Grow your practice by serving fewer clients (not more)

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Some tax professionals believe there is no “busy season;” instead, busy season lasts all year long. It’s great to be busy and feel as if you’re always in demand, but if you’re just working harder and not working smarter, are you really moving your practice and your life forward?

Not likely.

I know this probably isn’t what you want to hear during these uncertain times, but you need to let a bunch of your clients go. Most CPAs and accountants I know have way too many clients—and it’s holding them back.

As business strategist and CPA coach Geraldine Carter recently mentioned on my podcast, when you start out, the way to grow is to say “yes” to everything. But then, especially if you’re hourly billing, you hit a ceiling and you just cannot find more hours in the day.

“What they end up doing is still wanting to make more money, so they add more clients and try to build a practice by volume,” she said, “But you can see what happens when you’re stuck with hourly billing. You just end up kind of in this swirl where you’re always behind, always backed up against a deadline, and never really doing what you know you could do for your best clients.”

According to Carter, the best way off the hamster wheel is to get rid of the bottom 20% of your clients as quickly as you can. It may seem counterintuitive, but they’re actually getting in the way of business growth. Because CPAs and accountants want to help everyone and are no strangers to working extremely hard, letting clients go is the hardest step of the process, “Because these are people with whom you’ve developed relationships,” said Carter.

Disengaging can also very good for the clients you part with. It frees them up to another firm that might be a better fit for them at a better price point. Again, you must force yourself to let go of your bottom 20% of clients every year, so you can free up more time to focus on developing the services that are going to best serve our best clients.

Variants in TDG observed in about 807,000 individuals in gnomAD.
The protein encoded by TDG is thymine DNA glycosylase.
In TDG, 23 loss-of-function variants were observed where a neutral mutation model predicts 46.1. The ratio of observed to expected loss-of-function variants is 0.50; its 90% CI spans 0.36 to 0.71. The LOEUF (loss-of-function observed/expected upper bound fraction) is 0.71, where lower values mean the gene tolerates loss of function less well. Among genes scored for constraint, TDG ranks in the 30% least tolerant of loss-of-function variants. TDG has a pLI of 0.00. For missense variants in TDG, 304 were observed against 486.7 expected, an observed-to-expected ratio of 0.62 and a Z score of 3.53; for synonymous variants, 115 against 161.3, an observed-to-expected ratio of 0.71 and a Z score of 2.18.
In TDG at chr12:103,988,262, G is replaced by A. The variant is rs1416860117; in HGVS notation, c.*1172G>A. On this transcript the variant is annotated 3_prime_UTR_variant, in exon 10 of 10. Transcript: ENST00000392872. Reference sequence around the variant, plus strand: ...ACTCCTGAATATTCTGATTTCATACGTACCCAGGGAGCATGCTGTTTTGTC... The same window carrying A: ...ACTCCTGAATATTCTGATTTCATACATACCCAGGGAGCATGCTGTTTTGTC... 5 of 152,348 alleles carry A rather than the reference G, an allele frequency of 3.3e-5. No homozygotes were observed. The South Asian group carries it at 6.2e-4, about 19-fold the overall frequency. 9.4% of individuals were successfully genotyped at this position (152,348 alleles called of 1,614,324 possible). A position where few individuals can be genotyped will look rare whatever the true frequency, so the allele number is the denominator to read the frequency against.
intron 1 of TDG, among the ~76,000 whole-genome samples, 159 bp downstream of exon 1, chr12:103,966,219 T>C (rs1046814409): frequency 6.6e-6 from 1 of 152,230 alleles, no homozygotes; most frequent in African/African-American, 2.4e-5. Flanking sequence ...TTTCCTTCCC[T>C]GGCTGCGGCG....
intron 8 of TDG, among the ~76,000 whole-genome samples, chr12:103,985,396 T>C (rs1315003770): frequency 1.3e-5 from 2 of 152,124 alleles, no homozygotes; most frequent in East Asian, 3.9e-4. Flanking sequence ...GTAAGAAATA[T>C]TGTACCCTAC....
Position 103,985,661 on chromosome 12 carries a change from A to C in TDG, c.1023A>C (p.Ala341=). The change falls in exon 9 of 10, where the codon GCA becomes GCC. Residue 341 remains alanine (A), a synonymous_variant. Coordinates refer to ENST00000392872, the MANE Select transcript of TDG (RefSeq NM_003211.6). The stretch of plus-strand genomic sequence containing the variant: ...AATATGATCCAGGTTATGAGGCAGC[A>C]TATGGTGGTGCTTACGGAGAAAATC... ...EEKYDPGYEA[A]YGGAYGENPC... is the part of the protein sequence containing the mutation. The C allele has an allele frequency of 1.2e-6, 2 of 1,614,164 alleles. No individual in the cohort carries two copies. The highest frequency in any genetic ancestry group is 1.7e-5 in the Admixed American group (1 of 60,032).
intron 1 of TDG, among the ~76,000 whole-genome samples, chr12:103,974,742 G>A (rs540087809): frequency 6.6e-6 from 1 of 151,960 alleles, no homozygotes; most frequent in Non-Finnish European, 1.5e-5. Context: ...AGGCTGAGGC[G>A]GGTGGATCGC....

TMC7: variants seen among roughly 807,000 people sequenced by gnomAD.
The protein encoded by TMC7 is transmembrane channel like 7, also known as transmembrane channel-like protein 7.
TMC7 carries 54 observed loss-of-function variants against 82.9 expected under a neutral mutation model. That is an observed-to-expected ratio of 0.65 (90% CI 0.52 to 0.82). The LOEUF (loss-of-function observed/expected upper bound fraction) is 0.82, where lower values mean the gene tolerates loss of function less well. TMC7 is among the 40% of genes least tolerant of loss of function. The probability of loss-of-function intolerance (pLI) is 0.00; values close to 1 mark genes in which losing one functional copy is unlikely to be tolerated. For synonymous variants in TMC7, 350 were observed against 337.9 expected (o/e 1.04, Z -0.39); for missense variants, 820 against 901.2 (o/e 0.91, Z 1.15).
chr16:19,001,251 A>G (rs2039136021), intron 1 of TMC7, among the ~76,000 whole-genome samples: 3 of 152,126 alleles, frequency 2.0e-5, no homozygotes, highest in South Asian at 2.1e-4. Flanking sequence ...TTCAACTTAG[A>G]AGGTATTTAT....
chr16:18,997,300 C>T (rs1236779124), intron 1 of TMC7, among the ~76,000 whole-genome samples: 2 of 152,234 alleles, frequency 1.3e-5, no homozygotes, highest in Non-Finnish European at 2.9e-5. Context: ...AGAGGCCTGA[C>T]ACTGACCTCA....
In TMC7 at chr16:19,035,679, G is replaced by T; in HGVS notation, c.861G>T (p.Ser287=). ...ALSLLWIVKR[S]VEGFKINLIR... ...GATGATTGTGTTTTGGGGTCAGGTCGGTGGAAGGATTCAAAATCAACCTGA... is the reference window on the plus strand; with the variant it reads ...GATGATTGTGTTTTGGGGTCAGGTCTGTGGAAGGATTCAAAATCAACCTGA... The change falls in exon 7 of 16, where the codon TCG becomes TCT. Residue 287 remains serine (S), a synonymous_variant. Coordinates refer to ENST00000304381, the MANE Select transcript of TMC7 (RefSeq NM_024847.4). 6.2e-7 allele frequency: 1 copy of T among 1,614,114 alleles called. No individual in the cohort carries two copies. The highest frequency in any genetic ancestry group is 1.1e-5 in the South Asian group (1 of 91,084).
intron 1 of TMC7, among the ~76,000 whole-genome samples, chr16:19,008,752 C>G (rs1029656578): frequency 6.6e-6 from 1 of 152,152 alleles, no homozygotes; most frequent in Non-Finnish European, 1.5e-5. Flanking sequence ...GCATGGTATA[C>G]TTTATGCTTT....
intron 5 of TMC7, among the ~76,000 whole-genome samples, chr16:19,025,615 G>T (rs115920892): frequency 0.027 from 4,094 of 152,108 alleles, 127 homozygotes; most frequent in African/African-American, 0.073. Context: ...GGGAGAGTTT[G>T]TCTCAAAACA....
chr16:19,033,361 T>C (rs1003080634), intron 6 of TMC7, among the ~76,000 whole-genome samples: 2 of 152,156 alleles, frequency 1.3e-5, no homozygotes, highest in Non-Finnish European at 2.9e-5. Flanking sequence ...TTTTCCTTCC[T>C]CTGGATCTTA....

It’s not just a matter of time management. According to Carter, if you take the time to do the analysis, you’ll see that the price differential between serving your best clients vs. your least desirable clients is at least 3x–5x.

Carter and others believes basic services such as monthly write-up or glorified bookkeeping should be removed from your offering.

“This is like spiking the ball in celebration after getting the ball to the 40-yard-line,” she said. “You’re not in the end zone. The real value is way down the field.”

That’s where you can help your clients make better decisions about their cash, where they’re going to invest their cash in order to grow their business, and whether they should buy the building or lease it. It’s about helping them get the documentation pulled together they need to bring to the bank; having conversations with their financial planner, lawyer, and other advisors; and quarterbacking those relationships on the client’s behalf. That’s where the real value is.

So shift your focus onto what is most valuable for your best clients. You’ll earn higher fees and run a much simpler tax accounting practice. As I’ve always believed, “fees follow value.”

Warren Buffett likes to say, “The difference between successful people and really successful people is that really successful people say NO to almost everything.” As a CPA, learning to say no to all but the best opportunities and clients frees you up to focus on building out your services in a way that maximizes outcomes for your best clients.

Tell me what you think by leaving a comment below.

Key Takeaways

  • Not all clients are created equal. Do you know who your most and least valuable clients are?
  • Warren Buffett: “Really successful people say no to almost everything.”
  • I know it’s scary, but you need to let your bottom 20% of clients go. They’re just getting in your way.

AccounTrends-TPC-art_FINALEditor’s note: Randy Crabtree was featured on a recent AccounTrends podcast, “The Magic of Specialty Tax Advisory.” Check it out.

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